On February 2, 2022, Paul Rice, the Founder and CEO of Fair Trade USA, shared insight into the Fair Trade movement and the impact of the Fair Trade Certified label and standards on conscious business and consumerism.
As a set of rigorous standards, the Fair Trade certification process is a 300-point checklist of labor, social, and environmental criteria that farmers and factory owners have to meet in order to pass an annual audit. As a global movement, Fair Trade is made up of a diverse network of producers, companies, consumers, advocates, and organizations putting people and planet first.
During his time in conversation with our own CEO Alexander McCobin, Paul highlighted the theory of change that frames Fair Trade’s mission to be a driving force for ethical labor and business practices. Paul offered the three key actors in this theory and why conscious leaders and businesses should get behind it.
1. As a business, conscious practices like fair trade are in your best interest both financially and socially.
The first actor in the Fair Trade theory of change is the business community. Paul offers that, first, by looking at the consumer trends of Gen Z and Millennial shoppers, we can see that conscious consumerism is likely more than a short-term shift in shopping habits:
“Companies [are] realizing that this conscious consumer movement is a macro-trend, it’s not a fad … we get a glimpse of our collective future when we look at the numbers of Gen Z and Millennial consumers. They’ve indexed very high in terms of their expectations of companies and companies’ practices.”
Therefore, Paul suggests that embracing Fair Trade, and movements like it, will set businesses up for long-term success and profitability.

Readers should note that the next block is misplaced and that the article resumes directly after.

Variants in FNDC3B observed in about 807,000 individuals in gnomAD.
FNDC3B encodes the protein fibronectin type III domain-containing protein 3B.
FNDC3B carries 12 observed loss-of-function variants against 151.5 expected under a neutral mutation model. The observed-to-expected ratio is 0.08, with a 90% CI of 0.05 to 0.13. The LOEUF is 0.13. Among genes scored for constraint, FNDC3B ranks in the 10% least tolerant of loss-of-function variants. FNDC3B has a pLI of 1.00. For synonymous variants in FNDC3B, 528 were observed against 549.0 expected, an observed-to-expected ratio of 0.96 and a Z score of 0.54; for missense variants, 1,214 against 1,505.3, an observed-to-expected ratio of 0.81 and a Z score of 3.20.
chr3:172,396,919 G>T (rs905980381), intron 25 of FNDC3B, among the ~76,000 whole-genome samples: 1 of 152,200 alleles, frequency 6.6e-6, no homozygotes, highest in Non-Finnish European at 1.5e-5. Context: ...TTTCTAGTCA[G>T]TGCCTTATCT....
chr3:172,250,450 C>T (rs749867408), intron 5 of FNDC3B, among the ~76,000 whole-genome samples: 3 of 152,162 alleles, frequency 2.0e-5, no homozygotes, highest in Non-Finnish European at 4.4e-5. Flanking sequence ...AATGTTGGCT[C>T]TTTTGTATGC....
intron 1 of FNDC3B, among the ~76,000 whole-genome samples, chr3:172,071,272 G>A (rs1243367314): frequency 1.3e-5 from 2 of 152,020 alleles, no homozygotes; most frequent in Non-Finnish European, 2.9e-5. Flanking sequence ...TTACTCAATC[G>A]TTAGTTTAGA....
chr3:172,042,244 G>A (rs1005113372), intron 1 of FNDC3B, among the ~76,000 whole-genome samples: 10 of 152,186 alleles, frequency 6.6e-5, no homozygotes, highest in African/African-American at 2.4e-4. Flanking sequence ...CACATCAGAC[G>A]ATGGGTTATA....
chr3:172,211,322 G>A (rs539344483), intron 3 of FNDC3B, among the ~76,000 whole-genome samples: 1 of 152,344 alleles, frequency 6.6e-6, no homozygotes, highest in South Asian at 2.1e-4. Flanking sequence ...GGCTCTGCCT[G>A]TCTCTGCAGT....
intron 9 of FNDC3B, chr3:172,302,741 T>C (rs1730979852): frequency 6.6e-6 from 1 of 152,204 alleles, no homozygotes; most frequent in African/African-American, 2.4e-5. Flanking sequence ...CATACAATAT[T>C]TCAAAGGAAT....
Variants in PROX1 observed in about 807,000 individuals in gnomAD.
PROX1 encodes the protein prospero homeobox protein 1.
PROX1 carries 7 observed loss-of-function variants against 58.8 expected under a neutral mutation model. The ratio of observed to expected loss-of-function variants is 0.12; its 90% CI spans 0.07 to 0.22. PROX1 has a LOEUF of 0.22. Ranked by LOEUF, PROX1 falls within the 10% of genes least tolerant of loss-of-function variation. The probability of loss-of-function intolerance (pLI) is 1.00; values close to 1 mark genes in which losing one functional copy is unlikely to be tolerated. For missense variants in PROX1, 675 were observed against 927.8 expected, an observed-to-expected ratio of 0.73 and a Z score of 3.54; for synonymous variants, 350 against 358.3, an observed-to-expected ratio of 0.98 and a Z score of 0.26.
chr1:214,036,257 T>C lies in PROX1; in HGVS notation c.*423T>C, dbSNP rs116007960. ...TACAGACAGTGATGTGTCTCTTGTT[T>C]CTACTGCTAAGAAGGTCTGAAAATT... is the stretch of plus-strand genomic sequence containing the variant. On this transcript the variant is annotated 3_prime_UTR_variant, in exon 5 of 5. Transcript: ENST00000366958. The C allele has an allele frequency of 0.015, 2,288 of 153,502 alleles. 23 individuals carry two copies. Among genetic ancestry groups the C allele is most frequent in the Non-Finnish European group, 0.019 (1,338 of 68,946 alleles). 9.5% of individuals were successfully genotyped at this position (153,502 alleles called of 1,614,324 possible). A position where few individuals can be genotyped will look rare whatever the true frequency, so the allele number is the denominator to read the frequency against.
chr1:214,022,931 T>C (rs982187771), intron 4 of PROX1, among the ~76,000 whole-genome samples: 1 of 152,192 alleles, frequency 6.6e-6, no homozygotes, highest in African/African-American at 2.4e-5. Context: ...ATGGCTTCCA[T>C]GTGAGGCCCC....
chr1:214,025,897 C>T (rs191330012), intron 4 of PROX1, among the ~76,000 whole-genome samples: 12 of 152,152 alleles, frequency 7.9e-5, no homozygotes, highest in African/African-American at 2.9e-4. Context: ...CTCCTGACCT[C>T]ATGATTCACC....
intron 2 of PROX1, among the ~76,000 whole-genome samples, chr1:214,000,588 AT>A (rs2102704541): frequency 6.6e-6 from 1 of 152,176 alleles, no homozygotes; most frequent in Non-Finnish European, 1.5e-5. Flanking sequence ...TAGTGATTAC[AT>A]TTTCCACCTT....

Paul also lists improved reputations when businesses can prove their commitments to being socially and environmentally conscious, stronger supply chain security and transparency, among others, as advantages to embracing conscious practices.
2. Through movements like fair trade, you play a part in alleviating poverty around the world.
The second actor is the workforce. By necessitating adequate pay, Fair Trade ensures workers that once made dollars a day have access to new opportunities, like education for themselves and their families.
With Conscious Capitalism in mind, this is a clear example of Stakeholder Orientation and recognizing the interdependent nature of life and the human foundations of business. Fair Trade creates value not only for businesses, but for its community of workers and farmers, too.
3. As a consumer, you can buy Fair Trade, back the movement, or identify another conscious business philosophy to support.
Paul made sure to stress that the Fair Trade movement is not the only conscious model for business out there.
Regardless of the movement you support, it’s crucial that you activate yourself as a consumer to ensure the viability and longevity of conscious business.
In closing, Paul notes that “If consumers buy the Fair Trade product, then the model works for everyone… a lot of efforts are around activating consumers and getting the word out…”
To get the full conversation, watch the recording of this virtual gathering.
Our Virtual Gatherings are designed for business leaders, investors, and advocates who are looking to level-up their practice by learning from and connecting with Conscious Capitalists around the world.